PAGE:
Is Going Viral Really Profitable?
In a YouTube video that's been viewed over 37,000 times, Mark Ritson, a former marketing professor, calls social media marketing a waste of time. Just like Ritson, there are others who doubt the impact that social media trends have on product sales. They argue that likes, comments, and following don't directly translate to profit. But these views are wrong and backward; as we will show in this post, going viral on social media can be profitable to your company in three major ways.
1. Reaching a Larger Audience On a Small Budget.
How do you get your video ad seen by millions of target buyers without breaking the bank? How do you appear on CNBC, CNN, and Fortune Magazine without having deep pockets? Let's ask the Dollar Shave Club (DSC).
In 2012, the company found social media gold when it uploaded a YouTube video with CEO Michael Dublin introducing its flagship product in a funny, sarcastic manner. The video went platinum on social media, attracting millions of views and comments. The cost of video production? $4500.
Going viral on social media can do the same for you. It can bring attention to new campaigns for a product release, relaunch, upcoming event, or a business rebrand on a tight budget. Attention is the first part of any marketing funnel - people in your target audience need to know that you exist before they can make inquiries or buy. And viral marketing is a catalyst for attention and memorability.
But is it not rare for companies to hit a million views? It is. But one million views are not the benchmark for measuring what is or is not viral. If your target audience universe is small and niche, viral could mean 100,000 or even 10,000 views. What matters is how quickly the news spreads around the community (like a virus), getting everyone to stop and pay attention.
2. Increasing Engagement With Your Target Audience.
Viral content also gets a lot of comments, shares, new followers, email newsletter signups, and other forms of engagement. These reactions come from prospects, non-buyers who may buy in the future, and people who will never buy from you. Although the second group of people reacting are not your target buyers, they can still make great advocates.
This second group reacted to something they saw, read, or felt in the viral message. They may have fallen in love with your mission or method of operation and decided to follow your Facebook page or use your viral hashtag in a tweet. If they continue engaging with you after this, you may earn referrals and good PR.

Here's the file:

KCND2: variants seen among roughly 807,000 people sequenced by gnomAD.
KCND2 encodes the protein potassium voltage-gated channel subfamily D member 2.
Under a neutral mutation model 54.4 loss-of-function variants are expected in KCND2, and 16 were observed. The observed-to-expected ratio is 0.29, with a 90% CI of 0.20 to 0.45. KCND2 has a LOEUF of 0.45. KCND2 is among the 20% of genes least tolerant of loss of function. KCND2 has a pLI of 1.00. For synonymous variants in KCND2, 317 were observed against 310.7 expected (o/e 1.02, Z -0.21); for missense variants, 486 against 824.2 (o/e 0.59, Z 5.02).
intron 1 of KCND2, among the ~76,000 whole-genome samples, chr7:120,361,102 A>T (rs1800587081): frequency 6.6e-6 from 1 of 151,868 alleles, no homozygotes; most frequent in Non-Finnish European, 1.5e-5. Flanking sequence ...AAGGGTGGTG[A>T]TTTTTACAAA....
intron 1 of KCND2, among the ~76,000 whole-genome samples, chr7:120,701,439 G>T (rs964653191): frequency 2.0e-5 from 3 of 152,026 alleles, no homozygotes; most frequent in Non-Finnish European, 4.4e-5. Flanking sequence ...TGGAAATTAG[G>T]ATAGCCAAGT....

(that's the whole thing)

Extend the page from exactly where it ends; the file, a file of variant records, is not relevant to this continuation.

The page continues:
Higher engagement can also improve your online advertising results. For example, you can target new Facebook followers from the viral campaign with a sales Ad. Since this audience has already shown an interest in your brand, they will likely react more positively to your Ads than a cold audience.
3. Growing Product Sales.
In late 2021, one of Peter Thomas Roth's products started trending online but no one at the company was aware until orders for their product skyrocketed. The source was a TikTok video posted by a random customer, Trinidad Sandoval, showing how the product worked. Peter Thomas Roth's sales soared because the video was a mix of testimonial and product demonstration - two factors that drive the commercial success of many viral campaigns. Indeed, when people react to viral messages by sharing positive experiences, they make your product believable.
To learn more about how Peter Thomas Roth responded to the viral moment, listen to one of our recent podcasts featuring Ashley Prosek, Director of Marketing at the company.
Going viral also works because it makes your product preferable to alternatives. When your product trends within a social circle, most members will want to buy it. Part of why this happens is that people do not like getting left out, and another reason is due to what scientists call "mirror neurons."
Mirror neurons are brain cells that make us share the same feeling with someone doing an action. When we see someone dancing happily to a new song, we can get as excited as the dancer. Marketer Martin Lindstrom explains the implications in his book Buy-ology, "... mirror neurons make us humans mimic each other’s buying behavior. So when we see a pair of unusual earphones sticking out of someone else’s ears, our mirror neurons trigger a desire in us to have those same cool-looking accessories, too."
Viral content can bring phenomenal success but there's more to it. Firstly, to make viral content, you need to demystify it - if the thought of going viral seems daunting, then your next read should be, "3 Tips to Make Your Marketing Video Stand Out and Go Viral." And secondly, you should prepare for the unexpected. In a world with empowered consumers, you can go viral at any time, for good or bad reasons. How you handle the situation will determine your survival.
For more information on how to market your product or service with viral content videos, subscribe to our newsletter to receive our newest blog posts right to your inbox or contact us to book a free strategy call.